The Swans can be compared to the San Antonio Spurs in the NBA right now, they're consistent, professional and they always seem to find a way to be up there with the best of them at the end of the season, there is all that malarkey about the COLA at the Swans, but the development of star midfielders Dan Hannebery and Luke Parker over the years just goes to show that the Swans don't have to buy or bring in players from other clubs to be a success.

Then we have Adelaide, Greater Western Sydney and Geelong who sit at third, fourth and fifth on the ladder respectively, all three of them sit along with the Hawks and the Swans as the premiership fancies of this top eight, but you wouldn't have thought so at the start of the year.

The Crows were properly about to begin life without Phil Walsh, who as we all know, was murdered midway through last year, but remarkably, they rebounded from this tragedy and not only made finals, but they beat the Western Bulldogs in what could only be described as an epic elimination final.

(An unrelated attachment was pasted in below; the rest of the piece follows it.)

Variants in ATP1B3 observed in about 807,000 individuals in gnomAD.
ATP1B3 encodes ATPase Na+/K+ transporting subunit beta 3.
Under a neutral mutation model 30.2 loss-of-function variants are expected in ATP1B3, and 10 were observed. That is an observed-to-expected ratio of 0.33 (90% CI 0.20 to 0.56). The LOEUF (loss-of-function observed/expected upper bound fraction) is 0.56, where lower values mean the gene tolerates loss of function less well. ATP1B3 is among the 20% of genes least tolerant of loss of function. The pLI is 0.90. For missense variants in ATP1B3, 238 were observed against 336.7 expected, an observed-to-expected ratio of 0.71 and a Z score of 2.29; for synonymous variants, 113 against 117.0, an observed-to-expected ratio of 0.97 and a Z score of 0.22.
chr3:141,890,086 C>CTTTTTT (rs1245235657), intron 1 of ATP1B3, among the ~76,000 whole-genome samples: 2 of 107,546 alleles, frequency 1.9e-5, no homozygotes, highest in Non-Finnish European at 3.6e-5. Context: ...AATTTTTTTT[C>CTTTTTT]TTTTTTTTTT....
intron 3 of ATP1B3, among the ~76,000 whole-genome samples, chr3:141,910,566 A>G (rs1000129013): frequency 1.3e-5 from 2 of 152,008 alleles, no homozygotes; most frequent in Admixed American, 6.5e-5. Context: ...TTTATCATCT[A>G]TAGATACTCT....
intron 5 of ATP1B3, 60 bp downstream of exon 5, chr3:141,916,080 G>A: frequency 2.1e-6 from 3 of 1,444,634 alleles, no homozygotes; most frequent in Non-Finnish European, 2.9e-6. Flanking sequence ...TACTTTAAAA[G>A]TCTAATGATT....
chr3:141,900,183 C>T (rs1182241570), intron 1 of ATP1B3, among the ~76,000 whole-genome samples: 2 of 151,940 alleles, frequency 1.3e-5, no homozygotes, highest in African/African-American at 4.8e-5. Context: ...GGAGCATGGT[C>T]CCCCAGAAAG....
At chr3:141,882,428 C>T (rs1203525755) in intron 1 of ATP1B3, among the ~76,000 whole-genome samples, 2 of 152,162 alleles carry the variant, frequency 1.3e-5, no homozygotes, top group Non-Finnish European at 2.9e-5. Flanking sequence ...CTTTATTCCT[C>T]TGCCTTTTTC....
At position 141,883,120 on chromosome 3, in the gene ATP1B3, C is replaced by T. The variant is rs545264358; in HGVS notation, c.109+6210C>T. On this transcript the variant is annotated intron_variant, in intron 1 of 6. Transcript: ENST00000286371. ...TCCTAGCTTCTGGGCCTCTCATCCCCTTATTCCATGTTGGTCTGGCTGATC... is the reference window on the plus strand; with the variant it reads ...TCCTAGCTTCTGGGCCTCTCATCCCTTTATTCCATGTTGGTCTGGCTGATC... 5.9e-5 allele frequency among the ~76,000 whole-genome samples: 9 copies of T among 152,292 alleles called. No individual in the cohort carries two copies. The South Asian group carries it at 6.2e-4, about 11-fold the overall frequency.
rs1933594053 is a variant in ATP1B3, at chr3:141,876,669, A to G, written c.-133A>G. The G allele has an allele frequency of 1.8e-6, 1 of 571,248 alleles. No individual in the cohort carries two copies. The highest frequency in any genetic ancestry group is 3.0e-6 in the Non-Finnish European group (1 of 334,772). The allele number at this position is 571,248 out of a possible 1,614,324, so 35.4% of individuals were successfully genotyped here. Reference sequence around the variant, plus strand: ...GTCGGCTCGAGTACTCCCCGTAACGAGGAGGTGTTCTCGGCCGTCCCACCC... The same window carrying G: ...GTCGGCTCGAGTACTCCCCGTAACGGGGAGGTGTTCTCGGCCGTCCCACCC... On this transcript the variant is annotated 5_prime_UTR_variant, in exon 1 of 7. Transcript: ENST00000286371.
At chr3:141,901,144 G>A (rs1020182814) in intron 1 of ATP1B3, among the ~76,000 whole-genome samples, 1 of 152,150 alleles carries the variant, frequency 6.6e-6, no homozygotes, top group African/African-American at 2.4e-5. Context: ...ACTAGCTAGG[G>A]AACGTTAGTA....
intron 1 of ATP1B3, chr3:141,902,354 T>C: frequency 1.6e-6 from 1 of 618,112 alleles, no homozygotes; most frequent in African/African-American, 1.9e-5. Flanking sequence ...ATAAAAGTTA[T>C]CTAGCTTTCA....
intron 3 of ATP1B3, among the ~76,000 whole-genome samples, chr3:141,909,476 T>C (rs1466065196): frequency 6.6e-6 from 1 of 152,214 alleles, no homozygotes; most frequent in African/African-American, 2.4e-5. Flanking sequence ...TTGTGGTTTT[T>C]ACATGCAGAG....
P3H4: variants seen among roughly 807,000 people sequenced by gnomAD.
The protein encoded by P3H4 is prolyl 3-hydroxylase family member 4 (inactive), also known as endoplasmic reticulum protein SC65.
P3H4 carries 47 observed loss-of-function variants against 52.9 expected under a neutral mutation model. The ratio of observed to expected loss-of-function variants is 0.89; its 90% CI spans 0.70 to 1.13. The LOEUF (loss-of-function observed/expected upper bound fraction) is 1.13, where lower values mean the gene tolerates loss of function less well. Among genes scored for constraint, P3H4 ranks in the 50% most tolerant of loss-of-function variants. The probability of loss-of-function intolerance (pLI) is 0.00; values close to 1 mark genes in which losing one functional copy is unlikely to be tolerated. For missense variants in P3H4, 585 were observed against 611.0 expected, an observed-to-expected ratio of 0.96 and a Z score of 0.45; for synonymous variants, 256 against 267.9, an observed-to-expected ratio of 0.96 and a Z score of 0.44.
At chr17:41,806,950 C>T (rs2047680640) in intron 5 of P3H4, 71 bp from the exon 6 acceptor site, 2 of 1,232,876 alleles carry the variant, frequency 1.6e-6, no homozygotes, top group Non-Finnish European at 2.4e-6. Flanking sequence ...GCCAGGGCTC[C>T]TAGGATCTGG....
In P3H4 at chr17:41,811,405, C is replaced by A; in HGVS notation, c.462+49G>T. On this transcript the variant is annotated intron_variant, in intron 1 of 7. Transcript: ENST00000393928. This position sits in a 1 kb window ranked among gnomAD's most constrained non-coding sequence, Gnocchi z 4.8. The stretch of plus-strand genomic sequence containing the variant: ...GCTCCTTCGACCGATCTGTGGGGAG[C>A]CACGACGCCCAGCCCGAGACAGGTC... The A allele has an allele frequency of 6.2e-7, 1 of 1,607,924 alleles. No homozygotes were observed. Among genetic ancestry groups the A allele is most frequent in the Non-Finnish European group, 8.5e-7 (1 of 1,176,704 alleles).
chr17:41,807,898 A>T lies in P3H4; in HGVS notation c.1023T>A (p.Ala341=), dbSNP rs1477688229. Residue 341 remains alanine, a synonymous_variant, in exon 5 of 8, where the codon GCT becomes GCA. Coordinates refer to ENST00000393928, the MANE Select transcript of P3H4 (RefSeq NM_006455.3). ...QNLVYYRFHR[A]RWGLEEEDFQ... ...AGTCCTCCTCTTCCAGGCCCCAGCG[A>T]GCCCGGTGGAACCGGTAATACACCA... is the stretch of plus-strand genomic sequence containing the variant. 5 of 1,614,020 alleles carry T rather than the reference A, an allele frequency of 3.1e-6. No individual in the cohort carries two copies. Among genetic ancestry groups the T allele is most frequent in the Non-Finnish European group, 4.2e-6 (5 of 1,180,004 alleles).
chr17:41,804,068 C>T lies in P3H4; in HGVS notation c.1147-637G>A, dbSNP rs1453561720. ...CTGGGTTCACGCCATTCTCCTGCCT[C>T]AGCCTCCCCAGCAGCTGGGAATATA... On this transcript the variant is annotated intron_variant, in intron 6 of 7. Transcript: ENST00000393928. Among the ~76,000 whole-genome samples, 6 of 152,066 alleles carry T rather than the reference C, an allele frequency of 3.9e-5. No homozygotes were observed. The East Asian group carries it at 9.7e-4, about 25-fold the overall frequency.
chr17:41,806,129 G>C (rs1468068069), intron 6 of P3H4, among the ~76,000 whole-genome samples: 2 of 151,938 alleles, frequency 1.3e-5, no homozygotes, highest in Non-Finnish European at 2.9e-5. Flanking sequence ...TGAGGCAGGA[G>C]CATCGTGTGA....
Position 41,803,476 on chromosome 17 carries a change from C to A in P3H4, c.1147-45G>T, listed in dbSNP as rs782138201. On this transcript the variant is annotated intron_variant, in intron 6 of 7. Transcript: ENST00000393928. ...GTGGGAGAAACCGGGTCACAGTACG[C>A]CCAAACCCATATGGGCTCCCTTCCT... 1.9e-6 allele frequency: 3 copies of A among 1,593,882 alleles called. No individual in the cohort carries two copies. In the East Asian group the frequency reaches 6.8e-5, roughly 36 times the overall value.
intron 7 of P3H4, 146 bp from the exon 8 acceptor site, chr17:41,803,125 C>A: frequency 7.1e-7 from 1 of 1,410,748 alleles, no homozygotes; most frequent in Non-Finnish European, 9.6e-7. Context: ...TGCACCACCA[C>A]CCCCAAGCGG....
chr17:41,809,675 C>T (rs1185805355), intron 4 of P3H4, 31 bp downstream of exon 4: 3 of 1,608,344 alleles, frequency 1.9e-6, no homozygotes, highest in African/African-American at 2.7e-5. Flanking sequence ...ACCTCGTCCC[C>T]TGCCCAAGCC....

Under new coach Don Pyke, anything was possible about these Crows before the first round of the AFL season this year, but as we sit at the near tail-end of the season, it's clear as day that Pyke has only added to what Walsh started in his very short tenure at the Crows, they are the number one scoring team in the AFL right now, with the likes of Jenkins, Walker and Betts being the headline acts inside Adelaide's forward 50. Imagine if they went all the way this year, it would have all the makings of a feel-good story you could put to theatre in a heartbeat. What's more impressive is that all they've done this year was without the help of Patrick Dangerfield, who was arguably Adelaide's best player last year.

This time last year, Geelong were planning their September holidays for the first time since 2006. They looked a shadow of the Geelong that was winning premierships over the past decade. The rise of Geelong this year has been one that just simply cannot be ignored. Back in 2011, Chris Scott inherited a champions list that was slowly but surely deteriorating. Fast forward to today, and only eight of the 22 Geelong players that won that premiership in 2011 are still in the blue and white hoops.